ATM Industry Group Eyes Security for Members
With the release of a set of recent reports, the ATM Industry Association is helping to keep its members on top of the cybersecurity dangers to both operators and consumers.
The ATM industry is usually on top of the latest trends—last month, for example, a Polish company combined a vehicle-based ATM with the basic concept of Uber. Just as importantly, it’s also on top of the latest threats.
That’s thanks, in large part, to the work of the ATM Industry Association (ATMIA), which has been working on informing its members of the dangers that ATM operators face with the devices, which obviously control valuable assets.
An example of this came last year, when two Ukranian men were arrested for their role in a malware scheme that infected numerous ATMs in the Chinese territory of Macau. The men installed a circuit board in at least seven ATMs that allowed them to collect card numbers and PIN codes. The scheme netted the men $100,000 before they were caught, according to security writer Brian Krebs.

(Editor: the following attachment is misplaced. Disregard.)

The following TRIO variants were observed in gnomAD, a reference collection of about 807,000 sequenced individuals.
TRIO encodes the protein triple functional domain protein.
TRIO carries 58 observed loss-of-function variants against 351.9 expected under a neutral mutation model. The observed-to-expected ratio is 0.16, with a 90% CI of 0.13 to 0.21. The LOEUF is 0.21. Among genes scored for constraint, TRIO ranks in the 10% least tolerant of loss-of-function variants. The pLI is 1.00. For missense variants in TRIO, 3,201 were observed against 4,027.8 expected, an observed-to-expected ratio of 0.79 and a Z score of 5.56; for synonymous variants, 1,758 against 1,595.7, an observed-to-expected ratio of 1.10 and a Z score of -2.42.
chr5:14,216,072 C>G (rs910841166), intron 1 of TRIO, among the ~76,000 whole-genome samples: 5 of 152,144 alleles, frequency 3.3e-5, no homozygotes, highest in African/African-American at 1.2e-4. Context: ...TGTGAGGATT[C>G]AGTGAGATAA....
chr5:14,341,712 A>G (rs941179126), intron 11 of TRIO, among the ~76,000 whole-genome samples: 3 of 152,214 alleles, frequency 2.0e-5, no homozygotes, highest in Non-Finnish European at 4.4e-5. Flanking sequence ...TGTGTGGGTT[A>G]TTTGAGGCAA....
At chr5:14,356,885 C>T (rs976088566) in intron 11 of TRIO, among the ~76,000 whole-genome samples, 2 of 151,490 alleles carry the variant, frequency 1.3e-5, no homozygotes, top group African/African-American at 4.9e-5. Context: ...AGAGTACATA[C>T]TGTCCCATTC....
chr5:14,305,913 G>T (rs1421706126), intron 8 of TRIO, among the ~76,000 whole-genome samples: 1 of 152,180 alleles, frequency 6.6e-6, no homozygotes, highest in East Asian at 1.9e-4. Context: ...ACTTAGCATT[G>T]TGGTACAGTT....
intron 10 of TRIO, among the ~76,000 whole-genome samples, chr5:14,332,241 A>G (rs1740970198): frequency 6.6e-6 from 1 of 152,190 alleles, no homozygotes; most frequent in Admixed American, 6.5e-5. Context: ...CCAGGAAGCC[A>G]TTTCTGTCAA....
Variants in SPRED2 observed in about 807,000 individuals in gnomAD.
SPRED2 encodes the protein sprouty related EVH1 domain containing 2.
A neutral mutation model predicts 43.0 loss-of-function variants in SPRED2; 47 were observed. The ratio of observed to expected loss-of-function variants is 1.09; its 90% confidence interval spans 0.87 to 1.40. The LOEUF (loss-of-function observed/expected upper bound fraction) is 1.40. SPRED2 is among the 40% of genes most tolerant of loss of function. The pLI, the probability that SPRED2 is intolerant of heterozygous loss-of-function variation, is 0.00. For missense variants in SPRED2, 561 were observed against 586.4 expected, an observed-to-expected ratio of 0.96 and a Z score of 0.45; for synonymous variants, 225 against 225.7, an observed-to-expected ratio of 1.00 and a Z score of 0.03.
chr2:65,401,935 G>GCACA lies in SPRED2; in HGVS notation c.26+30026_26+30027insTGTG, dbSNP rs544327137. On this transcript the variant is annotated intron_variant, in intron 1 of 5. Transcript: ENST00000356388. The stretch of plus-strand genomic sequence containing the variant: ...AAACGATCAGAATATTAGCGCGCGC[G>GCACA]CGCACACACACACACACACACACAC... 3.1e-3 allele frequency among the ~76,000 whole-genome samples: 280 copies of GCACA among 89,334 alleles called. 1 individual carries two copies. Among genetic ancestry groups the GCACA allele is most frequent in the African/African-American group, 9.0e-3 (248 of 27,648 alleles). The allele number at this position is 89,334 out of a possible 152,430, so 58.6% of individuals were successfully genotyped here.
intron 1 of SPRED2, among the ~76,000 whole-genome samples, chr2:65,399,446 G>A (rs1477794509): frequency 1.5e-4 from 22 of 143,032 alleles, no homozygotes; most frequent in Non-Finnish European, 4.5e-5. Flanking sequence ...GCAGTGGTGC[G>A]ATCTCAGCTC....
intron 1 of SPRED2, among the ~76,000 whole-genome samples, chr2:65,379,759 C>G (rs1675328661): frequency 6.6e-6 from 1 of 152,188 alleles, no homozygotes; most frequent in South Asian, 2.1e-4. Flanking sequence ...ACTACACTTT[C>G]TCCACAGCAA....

The Macau Malware, as it was called, is just one of the cases highlighted in an ATMIA report, “Best Practices for Preventing ATM Malware, Black Box and Cyber-Attacks,” released last month. An extension of an earlier report from the group, it includes details on that data breach along with a series of others that have similarly colorful names—such as Skimer-A, Dump Memory Grabber, and Backdoor Ploutus.
The goal? To help ensure that industry members are well-informed.
“[W]e decided to provide a shorter, standalone manual for our members to help prevent the most serious and urgent cyber threats,” ATMIA CEO Mike Lee said in a news release. “We can radically combat cyber fraud if we stand together and implement all the guidelines across every market.”
On the keeping-vendors-informed front, the association recently offered members an alert on skimming—a common form of ATM fraud. The advisory gave them data on the kind of eavesdropping strategies used with the devices.
“International surveys show that skimming remains the No. 1 type of ATM fraud, and this variation of skimming methodology needs to be vigorously countered by our industry,” ATMIA’s Lee stated, according to ATM Marketplace.